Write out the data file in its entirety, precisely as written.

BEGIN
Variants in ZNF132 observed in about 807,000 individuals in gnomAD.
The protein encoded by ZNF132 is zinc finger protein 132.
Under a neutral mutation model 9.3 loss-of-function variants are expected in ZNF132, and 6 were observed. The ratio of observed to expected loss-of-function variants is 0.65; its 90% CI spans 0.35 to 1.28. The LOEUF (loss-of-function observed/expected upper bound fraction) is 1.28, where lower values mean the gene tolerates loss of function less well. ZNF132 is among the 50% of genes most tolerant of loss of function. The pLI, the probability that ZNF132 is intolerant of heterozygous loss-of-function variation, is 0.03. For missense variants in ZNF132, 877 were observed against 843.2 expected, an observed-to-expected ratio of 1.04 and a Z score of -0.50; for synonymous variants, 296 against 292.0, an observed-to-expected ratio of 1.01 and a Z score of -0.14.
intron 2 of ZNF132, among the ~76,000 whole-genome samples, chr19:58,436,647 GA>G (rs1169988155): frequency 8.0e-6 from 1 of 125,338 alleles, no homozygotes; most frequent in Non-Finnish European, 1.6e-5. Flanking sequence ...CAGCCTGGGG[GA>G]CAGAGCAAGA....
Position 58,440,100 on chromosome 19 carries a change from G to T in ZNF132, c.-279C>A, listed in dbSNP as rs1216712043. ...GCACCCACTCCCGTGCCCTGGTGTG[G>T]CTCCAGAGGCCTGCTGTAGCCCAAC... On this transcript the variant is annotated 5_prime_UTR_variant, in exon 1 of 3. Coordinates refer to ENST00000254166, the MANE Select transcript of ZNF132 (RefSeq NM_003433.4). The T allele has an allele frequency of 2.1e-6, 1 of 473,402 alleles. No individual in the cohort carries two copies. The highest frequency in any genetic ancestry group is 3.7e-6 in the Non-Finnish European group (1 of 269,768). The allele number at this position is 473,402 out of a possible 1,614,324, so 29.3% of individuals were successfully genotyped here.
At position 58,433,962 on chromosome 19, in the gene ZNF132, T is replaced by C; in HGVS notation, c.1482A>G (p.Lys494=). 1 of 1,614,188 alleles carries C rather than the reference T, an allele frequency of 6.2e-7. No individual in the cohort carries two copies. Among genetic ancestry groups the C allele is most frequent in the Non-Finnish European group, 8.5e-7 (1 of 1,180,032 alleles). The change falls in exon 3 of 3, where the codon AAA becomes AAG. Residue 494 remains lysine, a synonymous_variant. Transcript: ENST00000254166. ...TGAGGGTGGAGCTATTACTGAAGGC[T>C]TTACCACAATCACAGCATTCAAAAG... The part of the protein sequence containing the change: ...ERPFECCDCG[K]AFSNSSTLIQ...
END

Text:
Variants in ZNF132 observed in about 807,000 individuals in gnomAD.
The protein encoded by ZNF132 is zinc finger protein 132.
Under a neutral mutation model 9.3 loss-of-function variants are expected in ZNF132, and 6 were observed. The ratio of observed to expected loss-of-function variants is 0.65; its 90% CI spans 0.35 to 1.28. The LOEUF (loss-of-function observed/expected upper bound fraction) is 1.28, where lower values mean the gene tolerates loss of function less well. ZNF132 is among the 50% of genes most tolerant of loss of function. The pLI, the probability that ZNF132 is intolerant of heterozygous loss-of-function variation, is 0.03. For missense variants in ZNF132, 877 were observed against 843.2 expected, an observed-to-expected ratio of 1.04 and a Z score of -0.50; for synonymous variants, 296 against 292.0, an observed-to-expected ratio of 1.01 and a Z score of -0.14.
intron 2 of ZNF132, among the ~76,000 whole-genome samples, chr19:58,436,647 GA>G (rs1169988155): frequency 8.0e-6 from 1 of 125,338 alleles, no homozygotes; most frequent in Non-Finnish European, 1.6e-5. Flanking sequence ...CAGCCTGGGG[GA>G]CAGAGCAAGA....
Position 58,440,100 on chromosome 19 carries a change from G to T in ZNF132, c.-279C>A, listed in dbSNP as rs1216712043. ...GCACCCACTCCCGTGCCCTGGTGTG[G>T]CTCCAGAGGCCTGCTGTAGCCCAAC... On this transcript the variant is annotated 5_prime_UTR_variant, in exon 1 of 3. Coordinates refer to ENST00000254166, the MANE Select transcript of ZNF132 (RefSeq NM_003433.4). The T allele has an allele frequency of 2.1e-6, 1 of 473,402 alleles. No individual in the cohort carries two copies. The highest frequency in any genetic ancestry group is 3.7e-6 in the Non-Finnish European group (1 of 269,768). The allele number at this position is 473,402 out of a possible 1,614,324, so 29.3% of individuals were successfully genotyped here.
At position 58,433,962 on chromosome 19, in the gene ZNF132, T is replaced by C; in HGVS notation, c.1482A>G (p.Lys494=). 1 of 1,614,188 alleles carries C rather than the reference T, an allele frequency of 6.2e-7. No individual in the cohort carries two copies. Among genetic ancestry groups the C allele is most frequent in the Non-Finnish European group, 8.5e-7 (1 of 1,180,032 alleles). The change falls in exon 3 of 3, where the codon AAA becomes AAG. Residue 494 remains lysine, a synonymous_variant. Transcript: ENST00000254166. ...TGAGGGTGGAGCTATTACTGAAGGC[T>C]TTACCACAATCACAGCATTCAAAAG... The part of the protein sequence containing the change: ...ERPFECCDCG[K]AFSNSSTLIQ...